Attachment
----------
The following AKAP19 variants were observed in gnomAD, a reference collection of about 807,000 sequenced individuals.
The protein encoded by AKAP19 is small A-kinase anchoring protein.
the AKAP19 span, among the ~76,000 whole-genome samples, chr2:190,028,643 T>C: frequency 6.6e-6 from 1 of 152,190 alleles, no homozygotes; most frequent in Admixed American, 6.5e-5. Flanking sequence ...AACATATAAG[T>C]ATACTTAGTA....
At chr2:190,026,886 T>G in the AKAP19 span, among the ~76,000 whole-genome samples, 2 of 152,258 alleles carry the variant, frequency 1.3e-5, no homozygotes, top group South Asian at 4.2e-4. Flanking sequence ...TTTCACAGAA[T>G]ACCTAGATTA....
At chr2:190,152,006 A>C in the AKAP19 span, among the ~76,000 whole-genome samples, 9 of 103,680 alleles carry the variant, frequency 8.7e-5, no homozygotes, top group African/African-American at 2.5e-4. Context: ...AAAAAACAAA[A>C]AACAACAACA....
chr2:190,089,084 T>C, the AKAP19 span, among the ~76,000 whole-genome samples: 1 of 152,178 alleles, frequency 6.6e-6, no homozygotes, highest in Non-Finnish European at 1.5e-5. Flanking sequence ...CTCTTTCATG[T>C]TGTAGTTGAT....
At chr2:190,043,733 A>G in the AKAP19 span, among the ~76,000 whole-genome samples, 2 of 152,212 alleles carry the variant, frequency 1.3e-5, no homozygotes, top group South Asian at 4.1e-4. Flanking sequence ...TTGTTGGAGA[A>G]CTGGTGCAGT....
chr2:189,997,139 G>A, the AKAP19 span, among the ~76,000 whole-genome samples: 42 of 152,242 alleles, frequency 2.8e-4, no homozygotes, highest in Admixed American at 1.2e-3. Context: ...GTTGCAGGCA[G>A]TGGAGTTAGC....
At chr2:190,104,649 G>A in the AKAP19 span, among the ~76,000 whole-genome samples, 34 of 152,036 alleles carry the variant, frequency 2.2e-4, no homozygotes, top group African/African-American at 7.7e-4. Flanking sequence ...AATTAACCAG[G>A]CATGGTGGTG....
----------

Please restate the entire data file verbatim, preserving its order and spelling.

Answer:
The following AKAP19 variants were observed in gnomAD, a reference collection of about 807,000 sequenced individuals.
The protein encoded by AKAP19 is small A-kinase anchoring protein.
the AKAP19 span, among the ~76,000 whole-genome samples, chr2:190,028,643 T>C: frequency 6.6e-6 from 1 of 152,190 alleles, no homozygotes; most frequent in Admixed American, 6.5e-5. Flanking sequence ...AACATATAAG[T>C]ATACTTAGTA....
At chr2:190,026,886 T>G in the AKAP19 span, among the ~76,000 whole-genome samples, 2 of 152,258 alleles carry the variant, frequency 1.3e-5, no homozygotes, top group South Asian at 4.2e-4. Flanking sequence ...TTTCACAGAA[T>G]ACCTAGATTA....
At chr2:190,152,006 A>C in the AKAP19 span, among the ~76,000 whole-genome samples, 9 of 103,680 alleles carry the variant, frequency 8.7e-5, no homozygotes, top group African/African-American at 2.5e-4. Context: ...AAAAAACAAA[A>C]AACAACAACA....
chr2:190,089,084 T>C, the AKAP19 span, among the ~76,000 whole-genome samples: 1 of 152,178 alleles, frequency 6.6e-6, no homozygotes, highest in Non-Finnish European at 1.5e-5. Flanking sequence ...CTCTTTCATG[T>C]TGTAGTTGAT....
At chr2:190,043,733 A>G in the AKAP19 span, among the ~76,000 whole-genome samples, 2 of 152,212 alleles carry the variant, frequency 1.3e-5, no homozygotes, top group South Asian at 4.1e-4. Flanking sequence ...TTGTTGGAGA[A>G]CTGGTGCAGT....
chr2:189,997,139 G>A, the AKAP19 span, among the ~76,000 whole-genome samples: 42 of 152,242 alleles, frequency 2.8e-4, no homozygotes, highest in Admixed American at 1.2e-3. Context: ...GTTGCAGGCA[G>A]TGGAGTTAGC....
At chr2:190,104,649 G>A in the AKAP19 span, among the ~76,000 whole-genome samples, 34 of 152,036 alleles carry the variant, frequency 2.2e-4, no homozygotes, top group African/African-American at 7.7e-4. Flanking sequence ...AATTAACCAG[G>A]CATGGTGGTG....